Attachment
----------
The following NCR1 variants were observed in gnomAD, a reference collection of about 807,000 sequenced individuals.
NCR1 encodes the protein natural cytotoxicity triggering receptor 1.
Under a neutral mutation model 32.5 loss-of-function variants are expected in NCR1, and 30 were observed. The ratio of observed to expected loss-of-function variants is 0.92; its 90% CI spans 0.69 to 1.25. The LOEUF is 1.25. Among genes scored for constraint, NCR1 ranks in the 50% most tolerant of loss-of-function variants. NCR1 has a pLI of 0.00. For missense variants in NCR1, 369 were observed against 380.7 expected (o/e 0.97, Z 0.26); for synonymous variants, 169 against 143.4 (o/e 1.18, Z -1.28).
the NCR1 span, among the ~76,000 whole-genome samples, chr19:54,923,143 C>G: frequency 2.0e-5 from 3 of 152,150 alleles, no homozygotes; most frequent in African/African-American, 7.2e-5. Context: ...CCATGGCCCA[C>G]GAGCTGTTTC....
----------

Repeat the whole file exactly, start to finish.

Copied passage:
The following NCR1 variants were observed in gnomAD, a reference collection of about 807,000 sequenced individuals.
NCR1 encodes the protein natural cytotoxicity triggering receptor 1.
Under a neutral mutation model 32.5 loss-of-function variants are expected in NCR1, and 30 were observed. The ratio of observed to expected loss-of-function variants is 0.92; its 90% CI spans 0.69 to 1.25. The LOEUF is 1.25. Among genes scored for constraint, NCR1 ranks in the 50% most tolerant of loss-of-function variants. NCR1 has a pLI of 0.00. For missense variants in NCR1, 369 were observed against 380.7 expected (o/e 0.97, Z 0.26); for synonymous variants, 169 against 143.4 (o/e 1.18, Z -1.28).
the NCR1 span, among the ~76,000 whole-genome samples, chr19:54,923,143 C>G: frequency 2.0e-5 from 3 of 152,150 alleles, no homozygotes; most frequent in African/African-American, 7.2e-5. Context: ...CCATGGCCCA[C>G]GAGCTGTTTC....